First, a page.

In more detail, let’s first look at the situation without a break. In the example below, we look at one station of a milk run. A part is consumed per minute (or ten every ten minutes), represented by the green boxes with a “10” in them. The milk run stops by every thirty minutes (the blue arrows), picking up empty boxes for thirty parts and delivering boxes with thirty new parts (the arrows with the 30 in it).
If the milk run and the assembly take a break at the same time, nothing changes. The milk run still picks up boxes for thirty parts and delivers thirty parts every time it stops by. One stop will be twenty minutes later due to the break, but the line also had a break, hence the consumption is the same thirty parts.
However, if the milk run takes its break early, the line will run out of parts. The milk run will return after fifty minutes, but during this time the line consumed forty parts, running out of their thirty-part inventory. Depending on the safety buffer, the milk run would have to pick up forty parts. After the break when the milk run returns at 10:20, the line worked consumed only twenty parts. This will be a problem later when the milk run brings only twenty parts, but the line would need thirty to cover the time till the next milk run. In sum: It is a mess!
A similar situation applies if you have your break late. At 10:00 the milk run picks up only ten parts. The line will run out of parts afterward, since there would be a need for fifty parts until the milk run returns. Even when the milk run returns, it will bring only a measly ten parts. Again, we have a mess.
Hence, keep your break times for the milk run and the lines the same. There is a tiny bit of wiggle room, as the milk run can take a break the scheduled last station before the line break and the scheduled first station after the line break. However, this usually amounts only to less than five minutes depending on your schedule. If you REALLY need different breaks, your lines need more inventory or you need to have a special process supplying the lines during the overlapping break. Again, don’t do it.
My Milk Run Supplies Two Lines. If Only One Is Running, Do I Need Fewer Milk Runs?
No. The milk run replenishes the consumed parts at each station within the milk-run cycle time. If only one line is running, the milk run still has to supply the other line every milk-run cycle, hence you cannot reduce the number of milk runs. The only difference for the milk run is that it will carry less material and can make the stops at the idle line slightly faster.
If your lines have sometimes-different schedules, it may be useful to have separate milk runs for separate lines. This way you could turn off the line-specific milk run along with the line without worrying about the other still-working line.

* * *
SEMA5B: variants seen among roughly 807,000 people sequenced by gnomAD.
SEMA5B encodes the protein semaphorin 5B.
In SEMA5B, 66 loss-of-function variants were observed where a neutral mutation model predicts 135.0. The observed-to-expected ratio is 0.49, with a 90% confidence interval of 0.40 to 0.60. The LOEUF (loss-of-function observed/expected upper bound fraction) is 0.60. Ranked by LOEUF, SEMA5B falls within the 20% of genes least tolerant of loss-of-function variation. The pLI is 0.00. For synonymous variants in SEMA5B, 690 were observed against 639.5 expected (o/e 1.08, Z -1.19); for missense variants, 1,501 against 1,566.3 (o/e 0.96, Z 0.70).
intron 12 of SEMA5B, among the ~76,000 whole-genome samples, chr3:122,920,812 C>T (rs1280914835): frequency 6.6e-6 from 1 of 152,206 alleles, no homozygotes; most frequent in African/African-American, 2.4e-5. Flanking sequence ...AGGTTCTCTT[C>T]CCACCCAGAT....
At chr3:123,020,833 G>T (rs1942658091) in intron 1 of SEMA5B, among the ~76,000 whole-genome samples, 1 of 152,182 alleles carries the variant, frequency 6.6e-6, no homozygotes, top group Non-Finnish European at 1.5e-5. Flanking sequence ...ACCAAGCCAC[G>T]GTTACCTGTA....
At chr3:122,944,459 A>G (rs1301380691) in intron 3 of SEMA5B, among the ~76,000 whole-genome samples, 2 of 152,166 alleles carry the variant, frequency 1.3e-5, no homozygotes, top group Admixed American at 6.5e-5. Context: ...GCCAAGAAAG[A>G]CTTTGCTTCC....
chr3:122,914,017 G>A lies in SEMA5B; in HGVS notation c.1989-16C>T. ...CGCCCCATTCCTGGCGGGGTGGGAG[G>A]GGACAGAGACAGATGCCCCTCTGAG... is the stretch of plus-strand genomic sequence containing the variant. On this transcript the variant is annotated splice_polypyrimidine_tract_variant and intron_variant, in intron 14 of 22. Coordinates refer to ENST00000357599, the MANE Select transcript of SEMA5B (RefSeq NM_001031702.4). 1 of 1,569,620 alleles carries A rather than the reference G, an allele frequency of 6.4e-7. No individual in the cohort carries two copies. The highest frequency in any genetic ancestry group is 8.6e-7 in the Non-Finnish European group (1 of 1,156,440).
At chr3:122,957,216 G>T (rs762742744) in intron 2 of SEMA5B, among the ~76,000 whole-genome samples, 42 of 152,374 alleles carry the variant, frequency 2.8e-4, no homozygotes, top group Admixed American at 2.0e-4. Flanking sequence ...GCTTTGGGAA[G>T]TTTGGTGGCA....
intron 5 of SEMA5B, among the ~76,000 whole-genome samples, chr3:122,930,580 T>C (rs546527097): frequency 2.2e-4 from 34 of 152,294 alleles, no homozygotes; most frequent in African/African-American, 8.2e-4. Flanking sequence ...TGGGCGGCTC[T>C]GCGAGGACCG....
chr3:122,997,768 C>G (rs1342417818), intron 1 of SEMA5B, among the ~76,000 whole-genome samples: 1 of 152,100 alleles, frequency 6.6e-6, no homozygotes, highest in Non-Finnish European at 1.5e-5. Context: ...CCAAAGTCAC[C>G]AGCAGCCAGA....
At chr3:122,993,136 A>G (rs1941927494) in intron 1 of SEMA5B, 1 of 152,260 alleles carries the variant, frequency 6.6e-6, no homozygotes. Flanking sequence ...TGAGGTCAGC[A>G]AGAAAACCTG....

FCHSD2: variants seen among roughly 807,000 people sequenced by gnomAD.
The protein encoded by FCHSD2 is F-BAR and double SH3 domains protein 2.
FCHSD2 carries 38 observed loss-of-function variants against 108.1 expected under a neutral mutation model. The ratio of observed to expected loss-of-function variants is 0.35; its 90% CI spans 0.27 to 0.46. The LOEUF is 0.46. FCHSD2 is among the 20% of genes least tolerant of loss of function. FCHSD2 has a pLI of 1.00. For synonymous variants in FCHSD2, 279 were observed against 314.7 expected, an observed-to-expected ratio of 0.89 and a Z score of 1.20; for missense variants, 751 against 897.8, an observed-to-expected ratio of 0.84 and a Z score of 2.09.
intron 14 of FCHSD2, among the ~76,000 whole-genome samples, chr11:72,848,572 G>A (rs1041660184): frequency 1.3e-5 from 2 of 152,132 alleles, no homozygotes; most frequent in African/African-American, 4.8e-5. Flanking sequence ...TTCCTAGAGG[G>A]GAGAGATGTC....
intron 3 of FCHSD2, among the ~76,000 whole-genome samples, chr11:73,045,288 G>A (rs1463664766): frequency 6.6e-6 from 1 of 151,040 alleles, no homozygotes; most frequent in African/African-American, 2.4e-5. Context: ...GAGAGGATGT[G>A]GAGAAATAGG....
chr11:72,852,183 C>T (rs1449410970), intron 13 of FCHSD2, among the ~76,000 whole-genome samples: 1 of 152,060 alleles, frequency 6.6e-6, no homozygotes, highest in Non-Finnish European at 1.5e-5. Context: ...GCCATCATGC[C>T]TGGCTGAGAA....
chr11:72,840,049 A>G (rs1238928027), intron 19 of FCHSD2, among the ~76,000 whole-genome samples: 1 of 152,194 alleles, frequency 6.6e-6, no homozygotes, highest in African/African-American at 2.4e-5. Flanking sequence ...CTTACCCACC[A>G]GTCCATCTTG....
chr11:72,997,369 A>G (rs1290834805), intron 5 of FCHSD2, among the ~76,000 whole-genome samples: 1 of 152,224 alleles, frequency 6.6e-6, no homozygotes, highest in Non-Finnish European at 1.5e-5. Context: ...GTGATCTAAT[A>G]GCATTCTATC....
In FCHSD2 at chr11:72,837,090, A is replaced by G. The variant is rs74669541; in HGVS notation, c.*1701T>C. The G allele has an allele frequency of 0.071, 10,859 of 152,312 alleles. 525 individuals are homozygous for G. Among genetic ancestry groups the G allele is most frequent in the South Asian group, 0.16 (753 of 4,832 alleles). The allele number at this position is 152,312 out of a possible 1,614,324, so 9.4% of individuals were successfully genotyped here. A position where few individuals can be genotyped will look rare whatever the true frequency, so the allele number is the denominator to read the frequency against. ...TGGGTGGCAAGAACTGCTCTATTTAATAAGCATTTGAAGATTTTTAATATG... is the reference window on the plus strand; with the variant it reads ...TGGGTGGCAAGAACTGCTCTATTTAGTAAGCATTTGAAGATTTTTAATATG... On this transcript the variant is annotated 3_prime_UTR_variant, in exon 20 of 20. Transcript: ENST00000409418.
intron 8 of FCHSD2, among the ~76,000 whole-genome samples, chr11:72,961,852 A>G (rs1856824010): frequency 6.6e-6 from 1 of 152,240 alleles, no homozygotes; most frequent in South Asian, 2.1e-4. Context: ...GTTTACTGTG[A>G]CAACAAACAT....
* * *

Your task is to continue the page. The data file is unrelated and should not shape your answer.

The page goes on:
I Have a Great Idea of Putting On-Demand Goods Also on a Milk Run …
So you want to have the milk run also bring parts that are needed only once or twice, but not regularly like the other milk-run goods? Don’t! The more you create exceptions from a standard approach, the more you will be messing up the standard. Mistakes and errors will increase. The same also applies if you want to “flexibly change the routes” depending on demand or other shenanigans. Of course, they can all be done. I just don’t recommend it. It will be a lot of trouble to create such a mixed standard, and even more trouble to maintain it. In the end, you may be better off just having a guy bring the rarely used parts separately from the milk run.
So here you have it. A few pointers and tips on how to do milk runs. However, this series is not yet done. So far I looked primarily at internal milk runs. However, it is also possible to do milk runs externally. While most of the previous concepts still apply, there are some additional things to consider. More on this in my next post. Now go out, establish a cyclic material supply throughout your plant, and organize your industry!
2 thoughts on “Frequently Asked Questions for Milk Runs”
Thank you for the informative posts on Milk Runs. They were easy to follow and enjoyable to read.
I think I have understood the principles of how a milk run works for common parts (i.e. same parts used across all SKUs), but I am not clear on how you would use a milk run for regularly used parts, but they change from one batch to the next. For example, we may use white coloured casings on one batch (say, 200 parts), then change the casing to black for the next batch.
Is a milk run suitable for such parts?
Hi Michael, the challenge of batches is to know when which material is needed. Your logistics needs a good information flow to know when to bring what where. technically speaking this is no longer a milk run, even tough you can use the same equipment. The milk run has a built-in information flow, but if the parts differ you need to create a separate information flow.